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The Bulletin by Jenny Thompson
November 14, 2005
At last something for the home crowd to cheer about. After being on the backfoot for most of the first two days - and watching Marcus Trescothick cruise to a brilliant 193 today - Pakistan clawed their way back into this match with some brave batting.
Salman Butt led the charge and brought them near to parity with his second fifty of the match, and he was well supported by Younis Khan who perished for 48 just before the close. The smart money is still on England, though, thanks largely to the efforts of Trescothick as Pakistan closed on 125 for 2, 19 runs behind.
Trescothick continued where he left off yesterday, in confident, authoritative fashion, to stride to his second-highest Test score. His marathon innings, which began yesterday morning, finally came to a close in the third over after lunch.
Spare a thought for his poor shins, though: they've really suffered this year with the number of times he's kicked himself - in his last 16 Test innings he has scored between 150 and 200 four times. This latest kick will be the most painful, just seven runs shy of joining Ted Dexter as the only other English player to make a double ton in Pakistan. Still, he won't be complaining too much having solidified England's position.
True, he had two reprieves - offering a sitter in the deep to the substitute Rana Naved on 181, and there was a less clear-cut chance on 48 yesterday when Danish Kaneria's appeal was turned down - but otherwise his innings was a thing of beauty, not to mention brains. He cut, swept and punch-drove in ominously dominant vein and when Naved spilled the chance Inzamam could have wept. Luckily for Pakistan the reprieve wasn't too costly.
Trescothick's eventual dismissal, an edge off Shabbir Ahmed, triggered a collapse; England lost their last four wickets for 30 runs. Ahmed took three of them, including the next to fall, Geraint Jones, who had followed Trescothick's example with a series of impressive cover drives in a stylish 22. Shoaib Ahktar nipped in to dismiss Shaun Udal for a duck before Ahmed was back to remove Ashley Giles, after a flighty 16, to end with 4 for 54. It was a well-deserved haul after some tight bowling.
Earlier, Andrew Flintoff made a hardworking 45 before he had a rush of blood just before lunch and he sent a catch high to Malik in the deep. It was a needless dismissal having played so sensibly, but just reward for some good thinking by Inzamam to bring back Akhtar for another burst.
Another plan went right for Inzamam where Kevin Pietersen was concerned, bringing on Danish Kaneria as soon as Pietersen strode jauntily in. Pietersen's 5 was of the blink-and-miss variety. He did a lot of missing.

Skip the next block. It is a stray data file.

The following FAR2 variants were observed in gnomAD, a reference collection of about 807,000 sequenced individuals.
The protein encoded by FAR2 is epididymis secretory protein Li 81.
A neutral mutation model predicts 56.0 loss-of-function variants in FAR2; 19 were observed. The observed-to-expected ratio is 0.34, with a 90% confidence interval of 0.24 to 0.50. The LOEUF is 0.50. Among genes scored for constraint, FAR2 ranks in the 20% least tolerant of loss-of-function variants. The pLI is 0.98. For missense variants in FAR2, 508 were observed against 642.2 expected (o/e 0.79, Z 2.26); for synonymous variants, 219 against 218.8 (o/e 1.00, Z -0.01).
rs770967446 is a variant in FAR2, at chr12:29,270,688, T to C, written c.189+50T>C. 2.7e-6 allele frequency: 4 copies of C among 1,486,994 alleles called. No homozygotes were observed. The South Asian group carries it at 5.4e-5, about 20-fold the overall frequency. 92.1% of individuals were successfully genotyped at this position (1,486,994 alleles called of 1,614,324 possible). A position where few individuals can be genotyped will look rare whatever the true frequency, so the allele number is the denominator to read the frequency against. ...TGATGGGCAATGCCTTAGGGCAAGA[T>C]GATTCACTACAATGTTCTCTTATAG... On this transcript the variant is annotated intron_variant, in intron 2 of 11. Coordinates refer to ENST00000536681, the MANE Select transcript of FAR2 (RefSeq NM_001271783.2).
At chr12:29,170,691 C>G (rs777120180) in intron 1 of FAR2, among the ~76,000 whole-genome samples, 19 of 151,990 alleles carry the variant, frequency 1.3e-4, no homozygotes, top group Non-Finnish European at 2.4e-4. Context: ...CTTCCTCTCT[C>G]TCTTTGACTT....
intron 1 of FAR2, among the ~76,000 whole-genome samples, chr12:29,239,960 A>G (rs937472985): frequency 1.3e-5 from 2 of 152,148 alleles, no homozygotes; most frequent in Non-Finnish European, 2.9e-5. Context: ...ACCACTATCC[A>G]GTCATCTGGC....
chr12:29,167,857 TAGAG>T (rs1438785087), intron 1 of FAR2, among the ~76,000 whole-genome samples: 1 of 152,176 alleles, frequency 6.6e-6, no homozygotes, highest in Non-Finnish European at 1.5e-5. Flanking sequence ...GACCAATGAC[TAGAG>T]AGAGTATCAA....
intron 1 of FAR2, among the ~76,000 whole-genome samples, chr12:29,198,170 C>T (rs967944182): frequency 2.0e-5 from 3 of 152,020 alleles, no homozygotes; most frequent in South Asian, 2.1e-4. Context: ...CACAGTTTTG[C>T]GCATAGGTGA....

His first four balls off Kaneria were all defensives - solid; less solid; quite shaky; very shaky. The fifth ball he cover drove for four. Ah, easy. Well, actually, no - the very next delivery, he was wrong-footed by the wrong'un.
Trescothick and Flintoff played the bamboozling Kaneria better. Flintoff struggled at first to pick the wrong'un but made amends with some booming drives. The vital Trescothick was more assured, the highlight a straight-driven six.
Matthew Hoggard hung around for a stubborn half hour before Akhtar teased him out. He had done his job. Trescothick and co then did theirs, but so did Pakistan's batsmen.
An increasingly quick pitch should have encouraged England's bowlers, as should the movement Pakistan had earlier found with their second new ball. Butt and Malik, though, got Pakistan off to a flyer, putting on a quick 31 in six overs against the new-ball attack of Hoggard and Flintoff.
Trescothick made a swift change, introducing Steve Harmison in just the seventh over. The switch paid immediate dividends, as Harmison found Malik's edge. It was a breakthrough England badly needed to peg back the scoring rate after the openers set off playing naturally and aggressively.
From thereon in it was uphill for England's bowlers as Butt continued to capitalize on the early initiative, although at a more controlled tempo. He used all the shots in his bag: good on the leg side, very strong on the cut; he was attacking, but patient, too. By the close he had notched an admirable unbeaten 53 from 118 balls, with only the hint of a chance from a Flintoff bouncer which he fended forwards and upwards but just out of reach of a tumbling Jones.
Khan was a worthy sidekick and he was unlucky to fall for 48 six balls before the close, steering Flintoff to a diving Trescothick in the gully; another impressive piece of outfielding to add to England's stunning display this Test. The loss of Khan was something of a wasted wicket, though, yet Pakistan will be pleased with their overall efforts as they inch towards erasing the deficit.
Shoaib Malik c Trescothick b Harmison 18 (31 for 1)
Forceful edge snatched two-handed and to the left at first slip
Younis Khan c Trescothick b Flintoff 48 (125 for 2)
Tired steer to gully
Andrew Strauss lbw Sami 9 (18 for 1)
Beaten for pace and swing
Ian Bell c Butt b Malik 71 (198 for 2)
Inside edge scooped at short leg
Paul Collingwood c Akmal b Shabbir 10 (251 for 3)
Pushed hard at innocuous straight one
Matthew Hoggard c Akmal b Akhtar 1 (266 for 4)
Thin edge through
Kevin Pietersen c Butt b Kaneria 5 (271 for 5)
Popped leading edge to short leg
Andrew Flintoff c Malik b Akhtar 45 (364 for 6)
Skied to deep mid-wicket
Marcus Trescothick c Akmal b Ahmed 193 (388 for 7)
Outside edge to keeper
Geraint Jones b Ahmed 22 (399 for 8)
Offstump knocked back by peach of a delivery
Shaun Udal lbw Akhtar 0 (401 for 9)
Tried to play across the line
Also, most brothers in a Test XI, and the fastest to 20 ODI centuries